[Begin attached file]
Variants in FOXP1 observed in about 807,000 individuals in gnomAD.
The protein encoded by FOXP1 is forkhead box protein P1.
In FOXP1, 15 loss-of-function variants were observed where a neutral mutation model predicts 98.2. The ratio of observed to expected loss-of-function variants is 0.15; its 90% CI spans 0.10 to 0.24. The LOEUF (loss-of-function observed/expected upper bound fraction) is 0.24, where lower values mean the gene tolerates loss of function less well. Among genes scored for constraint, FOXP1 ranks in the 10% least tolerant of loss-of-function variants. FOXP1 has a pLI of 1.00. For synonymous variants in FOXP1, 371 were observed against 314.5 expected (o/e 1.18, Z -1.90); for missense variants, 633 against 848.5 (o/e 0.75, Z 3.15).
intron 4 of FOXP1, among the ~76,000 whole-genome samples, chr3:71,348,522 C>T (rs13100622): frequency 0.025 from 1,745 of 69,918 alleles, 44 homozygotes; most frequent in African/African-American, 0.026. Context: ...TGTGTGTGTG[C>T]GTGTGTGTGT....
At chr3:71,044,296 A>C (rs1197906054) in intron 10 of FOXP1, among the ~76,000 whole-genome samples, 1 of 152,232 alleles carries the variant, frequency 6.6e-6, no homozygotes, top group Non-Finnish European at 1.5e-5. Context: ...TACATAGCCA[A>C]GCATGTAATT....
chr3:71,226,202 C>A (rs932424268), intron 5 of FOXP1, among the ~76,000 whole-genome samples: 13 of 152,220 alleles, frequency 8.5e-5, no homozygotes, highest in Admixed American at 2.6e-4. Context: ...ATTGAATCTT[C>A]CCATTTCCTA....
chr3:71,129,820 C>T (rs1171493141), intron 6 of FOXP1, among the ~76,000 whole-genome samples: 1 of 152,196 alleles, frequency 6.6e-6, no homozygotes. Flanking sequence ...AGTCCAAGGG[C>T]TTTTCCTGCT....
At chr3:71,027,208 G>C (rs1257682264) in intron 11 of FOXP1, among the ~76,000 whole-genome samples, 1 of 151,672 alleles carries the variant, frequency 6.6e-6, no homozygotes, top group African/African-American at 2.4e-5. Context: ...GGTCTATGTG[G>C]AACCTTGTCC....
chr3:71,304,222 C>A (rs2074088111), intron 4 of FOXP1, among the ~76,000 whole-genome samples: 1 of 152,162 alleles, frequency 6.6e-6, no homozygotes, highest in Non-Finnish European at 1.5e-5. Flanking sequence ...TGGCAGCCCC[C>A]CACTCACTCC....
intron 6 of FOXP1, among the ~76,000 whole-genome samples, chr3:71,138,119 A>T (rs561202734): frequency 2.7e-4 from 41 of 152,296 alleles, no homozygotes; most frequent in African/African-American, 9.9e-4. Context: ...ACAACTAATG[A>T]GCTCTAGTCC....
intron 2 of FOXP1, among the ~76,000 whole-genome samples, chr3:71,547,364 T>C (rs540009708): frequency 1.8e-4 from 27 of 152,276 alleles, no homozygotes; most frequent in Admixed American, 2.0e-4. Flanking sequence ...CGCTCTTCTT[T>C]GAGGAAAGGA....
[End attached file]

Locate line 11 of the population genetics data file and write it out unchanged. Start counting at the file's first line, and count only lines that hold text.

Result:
intron 2 of FOXP1, among the ~76,000 whole-genome samples, chr3:71,547,364 T>C (rs540009708): frequency 1.8e-4 from 27 of 152,276 alleles, no homozygotes; most frequent in Admixed American, 2.0e-4. Flanking sequence ...CGCTCTTCTT[T>C]GAGGAAAGGA....